A pair of unsung bullpen pitchers and a bit player who batted only 80 times all season are the big reasons San Diego stands all even today as the World Series scene shifts to Detroit for the three weekend games.
When the favored Tigers won the opener in San Diego 3-2 and then knocked out Padre starter Ed Whitson with three first-inning runs in Game 2, the Padres clearly were on the ropes. But from the moment Andy Hawkins got out of a two-on, two-out jam to end that inning until southpaw Craig Lefferts completed the job some 21/2 hours later, the two unheralded middle relievers with a combined lifetime record of 21-29 turned in a truly phenomenal job to stop the Tigers cold.
Hawkins, a hard-throwing right-hander completing his first full big league season, turned in a courageous one-hit, 51/3-inning stint to get credit for the win when the Padres rallied for a 5-3 decision. Lefferts, a second-year man acquired last winter from the Chicago Cubs, allowed just one more hit in the last three frames to pick up the save. The celebrated Rich Gossage was up and ready in the bullpen over the last few innings, of course, but the lesser lights were so effective on this night that they gave manager Dick Williams the luxury of saving the Goose for another occasion.
This is the sort of job a team needs from its bullpen when it falls behind early - but it's still a question of whether the offense can claw its way back into the game. And that's where Kurt Bevacqua came in.
Bevacqua, a much-traveled 37-year-old journeyman who has gone back and forth among six different major league teams and seven minor league clubs during a baseball odyssey that began in 1967, was a little-used bit player for the Padres this past season. Serving primarily as a pinch-hitter and occasional utilityman, he hit .200 with just one home run all year, and he was 0-for-2 in a pair of pinch-hitting appearances in the playoffs.
Kurt didn't figure to see much action in the Series either, but an injury to centerfielder Kevin McReynolds gave him his chance - and he has made the most of it. He doubled leading off the seventh inning of Game 1, and although his first World Series hit had a sour ending when he was thrown out trying to stretch it, Manager Dick Williams liked the way he was swinging the bat enough to move him up to the No. 6 spot for Game 2 - which proved to be a judicious decision indeed.
After the Padres got one run back in the bottom of the first, Bevacqua singled and scored to make it 3-2 in the fourth, then blasted what turned out to be the game-winning three-run homer in the fifth.
All this is really ''stranger than fiction'' stuff - especially when you think of the various twists involved.
First came the loss of McReynolds (the team co-leader in homers and No. 2 RBI man) via an injury in the playoffs - a deja vu moment if ever there was one for Williams, who had a similar experience at Oakland in 1972 when Reggie Jackson got hurt in the playoffs and had to miss that Series. In a further irony, those A's played a Cincinnati team managed by current Detroit pilot Sparky Anderson - and despite the loss of Jackson they went on to win in seven games.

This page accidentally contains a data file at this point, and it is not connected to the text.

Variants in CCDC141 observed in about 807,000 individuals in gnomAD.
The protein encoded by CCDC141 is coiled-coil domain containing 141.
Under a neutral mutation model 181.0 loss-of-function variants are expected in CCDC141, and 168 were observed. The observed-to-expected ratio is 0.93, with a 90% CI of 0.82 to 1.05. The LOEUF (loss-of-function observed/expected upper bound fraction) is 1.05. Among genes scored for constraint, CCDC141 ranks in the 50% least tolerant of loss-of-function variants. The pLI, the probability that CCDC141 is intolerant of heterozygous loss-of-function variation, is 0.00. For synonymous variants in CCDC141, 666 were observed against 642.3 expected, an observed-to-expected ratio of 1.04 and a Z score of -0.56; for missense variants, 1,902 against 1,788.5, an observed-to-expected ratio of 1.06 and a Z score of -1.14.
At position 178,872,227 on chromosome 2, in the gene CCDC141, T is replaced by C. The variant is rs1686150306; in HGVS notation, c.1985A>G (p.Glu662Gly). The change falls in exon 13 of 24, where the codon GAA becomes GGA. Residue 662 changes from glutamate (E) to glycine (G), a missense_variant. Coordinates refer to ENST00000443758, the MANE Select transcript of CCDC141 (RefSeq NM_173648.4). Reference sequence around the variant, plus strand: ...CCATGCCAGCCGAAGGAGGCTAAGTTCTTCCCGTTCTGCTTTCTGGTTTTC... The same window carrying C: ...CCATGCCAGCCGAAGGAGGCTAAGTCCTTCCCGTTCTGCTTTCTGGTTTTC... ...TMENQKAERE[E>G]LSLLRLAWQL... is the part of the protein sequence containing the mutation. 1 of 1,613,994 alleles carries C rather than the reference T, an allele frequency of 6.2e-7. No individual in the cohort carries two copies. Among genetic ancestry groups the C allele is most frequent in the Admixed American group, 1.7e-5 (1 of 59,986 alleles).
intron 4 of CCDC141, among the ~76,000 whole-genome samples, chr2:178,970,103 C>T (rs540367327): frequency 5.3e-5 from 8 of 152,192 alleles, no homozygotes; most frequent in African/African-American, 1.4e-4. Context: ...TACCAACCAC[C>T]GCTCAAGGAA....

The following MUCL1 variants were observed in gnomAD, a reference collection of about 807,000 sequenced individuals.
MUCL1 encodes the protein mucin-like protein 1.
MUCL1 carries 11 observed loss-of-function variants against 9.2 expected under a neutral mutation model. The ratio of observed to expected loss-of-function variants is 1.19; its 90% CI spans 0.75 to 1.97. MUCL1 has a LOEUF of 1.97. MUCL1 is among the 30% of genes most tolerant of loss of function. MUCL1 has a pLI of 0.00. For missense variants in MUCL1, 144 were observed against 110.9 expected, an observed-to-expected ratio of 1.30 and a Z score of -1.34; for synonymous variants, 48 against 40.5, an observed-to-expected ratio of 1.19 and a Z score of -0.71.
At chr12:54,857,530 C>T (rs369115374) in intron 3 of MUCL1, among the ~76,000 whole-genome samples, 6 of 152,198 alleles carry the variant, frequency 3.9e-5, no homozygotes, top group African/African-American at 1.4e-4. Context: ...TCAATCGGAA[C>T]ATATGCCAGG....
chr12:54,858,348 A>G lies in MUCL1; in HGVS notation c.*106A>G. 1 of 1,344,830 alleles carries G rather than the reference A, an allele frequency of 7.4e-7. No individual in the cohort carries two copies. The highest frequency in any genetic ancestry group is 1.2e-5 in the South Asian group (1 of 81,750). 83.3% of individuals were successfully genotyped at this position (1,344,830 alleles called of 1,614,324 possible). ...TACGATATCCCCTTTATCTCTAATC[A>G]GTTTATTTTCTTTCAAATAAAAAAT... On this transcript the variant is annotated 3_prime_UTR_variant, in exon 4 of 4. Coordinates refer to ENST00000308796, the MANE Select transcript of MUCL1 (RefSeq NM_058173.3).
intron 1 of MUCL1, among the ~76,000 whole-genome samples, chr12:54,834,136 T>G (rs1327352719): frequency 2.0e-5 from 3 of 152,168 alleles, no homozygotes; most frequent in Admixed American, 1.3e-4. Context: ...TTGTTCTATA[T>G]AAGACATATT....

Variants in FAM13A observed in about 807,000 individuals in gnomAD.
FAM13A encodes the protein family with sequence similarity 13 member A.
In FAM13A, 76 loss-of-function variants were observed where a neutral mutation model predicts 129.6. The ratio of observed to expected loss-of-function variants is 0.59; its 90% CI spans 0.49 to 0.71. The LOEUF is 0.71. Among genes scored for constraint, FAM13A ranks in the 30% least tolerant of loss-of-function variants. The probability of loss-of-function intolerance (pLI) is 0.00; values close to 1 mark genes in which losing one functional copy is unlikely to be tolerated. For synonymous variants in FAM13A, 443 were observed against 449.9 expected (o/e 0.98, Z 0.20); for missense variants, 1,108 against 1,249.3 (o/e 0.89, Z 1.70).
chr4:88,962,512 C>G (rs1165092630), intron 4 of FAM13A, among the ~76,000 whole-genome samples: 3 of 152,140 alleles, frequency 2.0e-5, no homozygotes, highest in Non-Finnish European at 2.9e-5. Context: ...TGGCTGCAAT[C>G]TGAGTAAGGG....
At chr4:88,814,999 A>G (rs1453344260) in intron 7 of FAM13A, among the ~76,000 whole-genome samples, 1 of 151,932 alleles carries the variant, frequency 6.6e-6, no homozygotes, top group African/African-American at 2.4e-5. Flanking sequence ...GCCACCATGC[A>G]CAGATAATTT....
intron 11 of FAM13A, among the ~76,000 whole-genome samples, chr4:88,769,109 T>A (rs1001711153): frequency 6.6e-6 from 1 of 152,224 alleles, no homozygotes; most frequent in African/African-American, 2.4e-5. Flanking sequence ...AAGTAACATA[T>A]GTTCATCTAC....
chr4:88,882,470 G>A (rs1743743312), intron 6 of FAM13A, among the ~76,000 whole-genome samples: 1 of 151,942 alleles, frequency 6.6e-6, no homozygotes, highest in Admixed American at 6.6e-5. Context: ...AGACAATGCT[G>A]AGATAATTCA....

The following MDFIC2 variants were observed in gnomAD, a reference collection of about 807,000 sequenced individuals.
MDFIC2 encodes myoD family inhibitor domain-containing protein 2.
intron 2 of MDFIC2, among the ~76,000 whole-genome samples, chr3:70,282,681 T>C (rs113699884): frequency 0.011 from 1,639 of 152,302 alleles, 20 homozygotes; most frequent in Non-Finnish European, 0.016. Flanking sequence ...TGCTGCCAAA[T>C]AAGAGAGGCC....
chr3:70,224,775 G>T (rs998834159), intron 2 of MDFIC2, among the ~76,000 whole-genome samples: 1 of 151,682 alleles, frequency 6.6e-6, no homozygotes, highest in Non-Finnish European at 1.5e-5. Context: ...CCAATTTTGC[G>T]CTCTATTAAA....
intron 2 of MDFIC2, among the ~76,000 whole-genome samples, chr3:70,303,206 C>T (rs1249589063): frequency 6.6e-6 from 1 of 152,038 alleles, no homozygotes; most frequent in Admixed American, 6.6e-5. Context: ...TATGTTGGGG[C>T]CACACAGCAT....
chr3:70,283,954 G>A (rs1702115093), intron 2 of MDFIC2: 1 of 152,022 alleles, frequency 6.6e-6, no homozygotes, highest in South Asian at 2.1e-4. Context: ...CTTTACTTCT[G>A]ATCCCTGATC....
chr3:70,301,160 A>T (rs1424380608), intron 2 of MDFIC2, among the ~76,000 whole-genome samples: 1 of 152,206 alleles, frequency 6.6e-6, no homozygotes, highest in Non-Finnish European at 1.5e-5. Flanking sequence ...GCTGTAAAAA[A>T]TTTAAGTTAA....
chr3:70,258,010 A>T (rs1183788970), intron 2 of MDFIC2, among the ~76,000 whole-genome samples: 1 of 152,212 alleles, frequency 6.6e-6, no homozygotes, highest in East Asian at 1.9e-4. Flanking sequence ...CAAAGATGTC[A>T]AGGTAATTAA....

Precedent or not, though, the loss of McReynolds was a big blow, putting No. 1 outfield reserve Bobby Brown (who would have been the designated hitter) into the regular lineup, and forcing Williams to scramble for a DH. Most observers thought he'd opt for a left-handed batter against Detroit's array of right-handed starting pitchers, but in one of those hunch moves that can make a manager look like a genius or the opposite, he went for Bevacqua - and nobody is about to second-guess him now!
So it's 1-1 as the best-of-seven series moves to Detroit, with San Diego left-hander Tim Lollar (11-13) slated go go against right-hander Milt Wilcox (17 -8) tonight. Williams once talked of possibly eschewing the DH option and letting Lollar, who is a good hitter, bat for himself - but in view of the way Bevacqua is going, that doesn't seem quite as likely now.
On the mound, of course, San Diego still has the problem it faced at the beginning of this series - starting pitching. For whereas the Tigers have an awesome 1-2-3 punch of Jack Morris, Dan Petry, and Wilcox, the Padres have to scramble with a much less impressive group of starters (Whitson, Lollar, Mark Thurmond, and Eric Show), and just hope they can get a few good innings from one of this group each night before turning things over to the bullpen.
That's a tough way to win, but anyone who has watched Williams operate in previous World Series knows it is right up his alley. In '72, Dick used Rollie Fingers in six of the seven games, Vida Blue in four, and even had starters Catfish Hunter and Ken Holtzman in there in relief once each. And the next year when the A's defeated the New York Mets he again brought Fingers in six times, and used Darold Knowles in all seven games.
It's safe to say no Padre pitcher will appear in all of this year's games (Hawkins is the only one who could, and it's inconceivable he'd be used again tonight after his strenuous effort Wednesday night), but don't be surprised to see Gossage in all or most of the remaining contests along with frequent appearances by Dave Dravecky, Lefferts, and eventually Hawkins again.
Anderson, of course, is a firm believer in using his bullpen too - so the complete game Morris threw in the opener may well be the only one we see in this entire series.